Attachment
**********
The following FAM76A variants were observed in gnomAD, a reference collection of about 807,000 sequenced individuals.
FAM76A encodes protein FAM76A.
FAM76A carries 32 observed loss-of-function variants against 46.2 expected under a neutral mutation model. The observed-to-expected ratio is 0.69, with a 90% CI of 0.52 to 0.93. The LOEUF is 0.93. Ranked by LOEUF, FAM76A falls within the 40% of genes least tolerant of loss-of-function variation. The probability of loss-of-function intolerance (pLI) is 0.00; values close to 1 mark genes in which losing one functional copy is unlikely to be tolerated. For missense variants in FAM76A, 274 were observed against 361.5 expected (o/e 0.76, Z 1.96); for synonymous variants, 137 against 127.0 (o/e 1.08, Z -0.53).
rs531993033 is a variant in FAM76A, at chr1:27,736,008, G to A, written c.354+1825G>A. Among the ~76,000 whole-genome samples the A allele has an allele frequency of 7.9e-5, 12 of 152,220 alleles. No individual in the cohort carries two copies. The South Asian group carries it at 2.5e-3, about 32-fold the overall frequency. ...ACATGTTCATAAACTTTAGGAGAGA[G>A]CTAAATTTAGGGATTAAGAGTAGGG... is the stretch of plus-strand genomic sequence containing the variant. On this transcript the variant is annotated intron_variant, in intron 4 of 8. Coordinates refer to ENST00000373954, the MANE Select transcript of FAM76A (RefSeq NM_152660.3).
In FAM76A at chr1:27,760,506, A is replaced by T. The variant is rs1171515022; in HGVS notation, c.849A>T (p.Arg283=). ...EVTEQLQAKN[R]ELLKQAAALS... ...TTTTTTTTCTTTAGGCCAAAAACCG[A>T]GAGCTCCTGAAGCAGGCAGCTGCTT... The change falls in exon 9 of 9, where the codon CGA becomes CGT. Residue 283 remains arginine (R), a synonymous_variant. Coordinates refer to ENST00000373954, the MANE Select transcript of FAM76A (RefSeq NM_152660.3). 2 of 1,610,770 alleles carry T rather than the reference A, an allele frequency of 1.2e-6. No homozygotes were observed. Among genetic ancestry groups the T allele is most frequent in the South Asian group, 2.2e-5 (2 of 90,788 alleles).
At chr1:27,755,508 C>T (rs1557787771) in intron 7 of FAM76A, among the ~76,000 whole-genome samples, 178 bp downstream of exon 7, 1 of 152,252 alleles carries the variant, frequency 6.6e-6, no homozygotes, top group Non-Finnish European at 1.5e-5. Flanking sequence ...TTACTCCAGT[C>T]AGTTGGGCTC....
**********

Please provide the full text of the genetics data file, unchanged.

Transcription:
The following FAM76A variants were observed in gnomAD, a reference collection of about 807,000 sequenced individuals.
FAM76A encodes protein FAM76A.
FAM76A carries 32 observed loss-of-function variants against 46.2 expected under a neutral mutation model. The observed-to-expected ratio is 0.69, with a 90% CI of 0.52 to 0.93. The LOEUF is 0.93. Ranked by LOEUF, FAM76A falls within the 40% of genes least tolerant of loss-of-function variation. The probability of loss-of-function intolerance (pLI) is 0.00; values close to 1 mark genes in which losing one functional copy is unlikely to be tolerated. For missense variants in FAM76A, 274 were observed against 361.5 expected (o/e 0.76, Z 1.96); for synonymous variants, 137 against 127.0 (o/e 1.08, Z -0.53).
rs531993033 is a variant in FAM76A, at chr1:27,736,008, G to A, written c.354+1825G>A. Among the ~76,000 whole-genome samples the A allele has an allele frequency of 7.9e-5, 12 of 152,220 alleles. No individual in the cohort carries two copies. The South Asian group carries it at 2.5e-3, about 32-fold the overall frequency. ...ACATGTTCATAAACTTTAGGAGAGA[G>A]CTAAATTTAGGGATTAAGAGTAGGG... is the stretch of plus-strand genomic sequence containing the variant. On this transcript the variant is annotated intron_variant, in intron 4 of 8. Coordinates refer to ENST00000373954, the MANE Select transcript of FAM76A (RefSeq NM_152660.3).
In FAM76A at chr1:27,760,506, A is replaced by T. The variant is rs1171515022; in HGVS notation, c.849A>T (p.Arg283=). ...EVTEQLQAKN[R]ELLKQAAALS... ...TTTTTTTTCTTTAGGCCAAAAACCG[A>T]GAGCTCCTGAAGCAGGCAGCTGCTT... The change falls in exon 9 of 9, where the codon CGA becomes CGT. Residue 283 remains arginine (R), a synonymous_variant. Coordinates refer to ENST00000373954, the MANE Select transcript of FAM76A (RefSeq NM_152660.3). 2 of 1,610,770 alleles carry T rather than the reference A, an allele frequency of 1.2e-6. No homozygotes were observed. Among genetic ancestry groups the T allele is most frequent in the South Asian group, 2.2e-5 (2 of 90,788 alleles).
At chr1:27,755,508 C>T (rs1557787771) in intron 7 of FAM76A, among the ~76,000 whole-genome samples, 178 bp downstream of exon 7, 1 of 152,252 alleles carries the variant, frequency 6.6e-6, no homozygotes, top group Non-Finnish European at 1.5e-5. Flanking sequence ...TTACTCCAGT[C>T]AGTTGGGCTC....